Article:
Organizational Diversity and Institutional Change: Evidence from Financial and Labour Markets in Japan

Advanced Institute of Management Research Paper No. 042

57 Pages Posted: 1 Dec 2008

See all articles by Mari Sako

Mari Sako

University of Oxford - Said Business School

Date Written: July 10, 2006


Japan's economic success has been attributed largely to the nature of its national institutions, such as relational banking, lifetime employment, and relational contracting in intermediate product markets. These institutions were tightly linked to govern the Japanese economy, but more diverse patterns of organizing have become evident since the 1990s. For instance, in financial markets, venture capital funds and IPOs (initial public offerings) have appeared alongside relational banking to finance start-ups. In labour markets, non-standard forms of employment have come to be a significant alternative to the lifetime employment norm.

It is clear that the Japanese business system is becoming more diverse within. But when, why and how has such organizational diversity come about in Japan? And is such diversity a sign of a gradual breakdown of the system, or has it become the very characteristic of the Japanese system? If it is the former, what is the process by which we should expect the emergence of a new system? If the latter, how much diversity can be sustained within a system?

This paper addresses these questions with respect to specific empirical cases at the national and corporate levels. The paper begins by developing a framework linking institutional change and organizational diversity in Section 1.

This section advances a model of institutional change in a specific direction, namely from CME (coordinated market economy) to LME (liberal market economy), and identifies organizational diversity as a feature of such change as well as of the new emergent system. It is argued that organizational diversity may increase with institutional change due to three logically separable factors. First, diversity increases in a move from CME to LME because LME, with less sunk cost in building coordination and collaboration, accommodates greater diversity within the system. Second, diversity increases also because the process of institutional change may afford different timing for individual actors to defect from the old institutions, dictating the extent to which 'layering' may persist. Third, organizational diversity is introduced due to different settlements that result from local contests between management and labour.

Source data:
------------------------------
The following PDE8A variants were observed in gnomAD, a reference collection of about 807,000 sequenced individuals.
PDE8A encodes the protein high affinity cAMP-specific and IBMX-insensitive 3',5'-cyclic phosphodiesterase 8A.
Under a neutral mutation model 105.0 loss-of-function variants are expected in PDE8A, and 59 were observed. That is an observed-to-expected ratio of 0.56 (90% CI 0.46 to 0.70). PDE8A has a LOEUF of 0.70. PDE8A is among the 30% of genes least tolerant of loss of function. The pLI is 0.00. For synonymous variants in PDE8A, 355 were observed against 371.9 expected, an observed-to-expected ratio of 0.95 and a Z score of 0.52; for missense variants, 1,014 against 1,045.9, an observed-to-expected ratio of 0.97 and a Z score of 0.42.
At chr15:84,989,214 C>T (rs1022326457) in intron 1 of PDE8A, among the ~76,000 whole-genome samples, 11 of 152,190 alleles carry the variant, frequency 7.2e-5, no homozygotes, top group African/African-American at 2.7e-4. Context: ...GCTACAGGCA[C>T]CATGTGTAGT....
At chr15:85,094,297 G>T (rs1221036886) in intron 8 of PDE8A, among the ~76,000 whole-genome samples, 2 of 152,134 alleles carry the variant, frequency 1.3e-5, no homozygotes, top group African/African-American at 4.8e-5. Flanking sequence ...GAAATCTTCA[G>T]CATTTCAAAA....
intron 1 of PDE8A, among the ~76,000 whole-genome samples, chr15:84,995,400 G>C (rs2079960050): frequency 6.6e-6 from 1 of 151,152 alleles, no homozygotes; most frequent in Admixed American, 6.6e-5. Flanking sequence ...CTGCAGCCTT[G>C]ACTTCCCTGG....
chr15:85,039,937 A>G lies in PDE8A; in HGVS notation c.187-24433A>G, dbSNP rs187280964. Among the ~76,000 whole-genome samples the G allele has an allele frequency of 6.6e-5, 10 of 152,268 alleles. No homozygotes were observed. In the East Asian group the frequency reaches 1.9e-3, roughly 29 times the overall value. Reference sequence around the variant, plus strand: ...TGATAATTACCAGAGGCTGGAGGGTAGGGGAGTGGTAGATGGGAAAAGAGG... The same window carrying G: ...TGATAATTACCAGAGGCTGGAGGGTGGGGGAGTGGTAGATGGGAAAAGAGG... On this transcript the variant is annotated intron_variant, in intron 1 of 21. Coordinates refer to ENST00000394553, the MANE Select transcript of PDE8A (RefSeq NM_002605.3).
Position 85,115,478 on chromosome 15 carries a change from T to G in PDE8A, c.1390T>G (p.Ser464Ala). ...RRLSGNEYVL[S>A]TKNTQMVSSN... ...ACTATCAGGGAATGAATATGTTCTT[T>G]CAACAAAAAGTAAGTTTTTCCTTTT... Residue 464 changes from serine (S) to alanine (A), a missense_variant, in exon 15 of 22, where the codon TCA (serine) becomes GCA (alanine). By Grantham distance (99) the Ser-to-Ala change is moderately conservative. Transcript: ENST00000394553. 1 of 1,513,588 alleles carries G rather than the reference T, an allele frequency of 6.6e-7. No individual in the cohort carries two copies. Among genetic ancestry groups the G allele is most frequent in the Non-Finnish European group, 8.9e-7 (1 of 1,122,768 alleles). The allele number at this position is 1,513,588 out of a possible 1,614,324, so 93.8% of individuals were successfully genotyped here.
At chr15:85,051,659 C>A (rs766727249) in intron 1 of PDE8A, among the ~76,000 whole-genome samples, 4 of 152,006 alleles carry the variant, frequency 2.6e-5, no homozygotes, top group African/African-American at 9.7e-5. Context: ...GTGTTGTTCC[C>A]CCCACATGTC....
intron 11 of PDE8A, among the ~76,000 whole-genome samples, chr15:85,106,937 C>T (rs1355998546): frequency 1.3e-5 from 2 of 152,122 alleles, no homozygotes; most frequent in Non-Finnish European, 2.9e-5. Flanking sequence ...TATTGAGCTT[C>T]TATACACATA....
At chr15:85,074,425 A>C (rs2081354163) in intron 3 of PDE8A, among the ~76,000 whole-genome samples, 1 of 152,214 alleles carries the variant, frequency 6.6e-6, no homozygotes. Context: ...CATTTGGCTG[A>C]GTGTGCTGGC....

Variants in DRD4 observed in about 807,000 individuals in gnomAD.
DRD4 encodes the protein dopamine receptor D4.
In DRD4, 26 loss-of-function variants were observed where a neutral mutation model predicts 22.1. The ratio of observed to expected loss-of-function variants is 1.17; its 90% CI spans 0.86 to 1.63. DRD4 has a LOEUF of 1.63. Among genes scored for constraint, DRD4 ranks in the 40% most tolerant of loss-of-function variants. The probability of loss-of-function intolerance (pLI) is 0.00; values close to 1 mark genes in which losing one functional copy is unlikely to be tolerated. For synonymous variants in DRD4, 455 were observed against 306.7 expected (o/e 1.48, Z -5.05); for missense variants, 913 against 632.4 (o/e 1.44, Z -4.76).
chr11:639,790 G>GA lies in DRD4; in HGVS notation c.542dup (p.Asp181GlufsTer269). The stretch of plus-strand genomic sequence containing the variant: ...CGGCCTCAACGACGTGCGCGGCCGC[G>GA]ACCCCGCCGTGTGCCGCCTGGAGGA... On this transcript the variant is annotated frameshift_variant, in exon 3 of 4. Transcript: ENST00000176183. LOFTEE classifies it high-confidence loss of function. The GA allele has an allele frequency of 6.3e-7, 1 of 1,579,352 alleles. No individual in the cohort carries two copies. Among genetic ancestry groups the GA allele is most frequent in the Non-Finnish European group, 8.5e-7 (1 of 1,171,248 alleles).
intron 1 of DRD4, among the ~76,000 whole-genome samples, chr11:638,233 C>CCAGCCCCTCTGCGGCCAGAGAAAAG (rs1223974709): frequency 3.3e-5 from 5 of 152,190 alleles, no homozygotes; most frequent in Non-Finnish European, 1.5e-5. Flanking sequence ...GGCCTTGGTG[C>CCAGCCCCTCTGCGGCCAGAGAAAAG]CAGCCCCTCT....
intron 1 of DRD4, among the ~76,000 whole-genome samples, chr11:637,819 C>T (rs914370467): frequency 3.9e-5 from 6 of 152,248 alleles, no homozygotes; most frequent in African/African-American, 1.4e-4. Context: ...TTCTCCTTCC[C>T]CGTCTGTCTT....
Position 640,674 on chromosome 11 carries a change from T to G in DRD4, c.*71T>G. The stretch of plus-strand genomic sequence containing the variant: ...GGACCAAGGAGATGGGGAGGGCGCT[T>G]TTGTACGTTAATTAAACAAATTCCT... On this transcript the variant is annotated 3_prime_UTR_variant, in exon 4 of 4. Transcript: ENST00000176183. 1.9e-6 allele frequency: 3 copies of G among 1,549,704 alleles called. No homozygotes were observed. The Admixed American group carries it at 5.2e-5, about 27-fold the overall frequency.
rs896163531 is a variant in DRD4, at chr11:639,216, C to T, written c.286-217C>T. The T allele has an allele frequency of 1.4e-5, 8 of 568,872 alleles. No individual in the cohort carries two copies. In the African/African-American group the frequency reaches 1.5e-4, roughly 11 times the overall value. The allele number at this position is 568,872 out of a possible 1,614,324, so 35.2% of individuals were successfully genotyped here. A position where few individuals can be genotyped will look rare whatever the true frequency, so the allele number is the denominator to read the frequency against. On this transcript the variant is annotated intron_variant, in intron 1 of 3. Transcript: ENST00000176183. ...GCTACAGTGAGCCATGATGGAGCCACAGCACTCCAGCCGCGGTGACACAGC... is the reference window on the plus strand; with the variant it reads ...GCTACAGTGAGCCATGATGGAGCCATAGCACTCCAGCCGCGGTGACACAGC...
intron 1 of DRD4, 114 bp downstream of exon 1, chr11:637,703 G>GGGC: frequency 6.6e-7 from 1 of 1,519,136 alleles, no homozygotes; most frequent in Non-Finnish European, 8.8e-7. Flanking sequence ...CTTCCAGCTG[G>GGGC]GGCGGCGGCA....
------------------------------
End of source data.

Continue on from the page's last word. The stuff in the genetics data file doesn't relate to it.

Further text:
Section 2 examines the timing and the extent of diversity in financial and labour markets at the economy-wide level. It identifies the late 1990s as the time when organizational diversity began to take off in the Japanese economy. In financial markets, venture capital in Japan experienced 'conversion' - shifting its goals and functions from being part of the Japanese institution of relational banking towards being more part of an equity-based finance system. New stock exchanges were created, but are layered and not directly threatening existing institutions of relational banking and stock exchanges for established public corporations. Nevertheless, the layering of the new stock exchanges and legal changes triggered a slow process of conversion in venture capital.

In labour markets, Shunto is portrayed as a case of 'conversion', with its function changing from coordinated pay bargaining to a mechanism forlegitimizing pay restraint and dispersion. At the same time, contingent work was identified as a case of 'layering' onto the norm of lifetime employment. Although the Japanese economy had always had a dual labour market, legal changes and practices that fuelled the use of agency labour and on-site contracting in manufacturing threatens the norm of lifetime employment more fundamentally than in earlier periods. Nevertheless, unlike in financial markets, in which layering triggered conversion, layering and conversion in labour markets have been much more drawn out and interactive throughout the 1990s.

Section 3 turns to varied responses to institutional pressures at the company level in two contrasting settings. The aim here is to compare and contrast the ways in which Softbank and NTT used the holding company structure to bring about organizational diversity. These cases highlight another reason for organizational diversity by focusing our attention on how company-level action impacts on national institutional change. The introduction of the pure holding company form faced experimentation, and is being adopted in different ways by various companies to satisfy their own ends. In particular, Softbank not only created a new institution in the form of Nasdaq Japan, but also adopted the pure holding company structure to overcome the absence of a realistic 'exit option' for venture capitalists. NTT also adopted the holding company structure but for a different reason, namely as a political compromise, and greater diversity in its internal labour markets, subverting the norm of lifetime employment, has been slowly introduced despite union resistance.

In summary, this paper addresses the conference sub-theme of how different kinds of national institutions complement or conflict with each other, giving insight into various actors' strategies and their capacity to influence institutional change.

Suggested Citation

Sako, Mari, Organizational Diversity and Institutional Change: Evidence from Financial and Labour Markets in Japan (July 10, 2006). Advanced Institute of Management Research Paper No. 042, Available at SSRN: or

Mari Sako (Contact Author)

University of Oxford - Said Business School ( email )

Park End Street
Oxford, OX1 1HP
Great Britain

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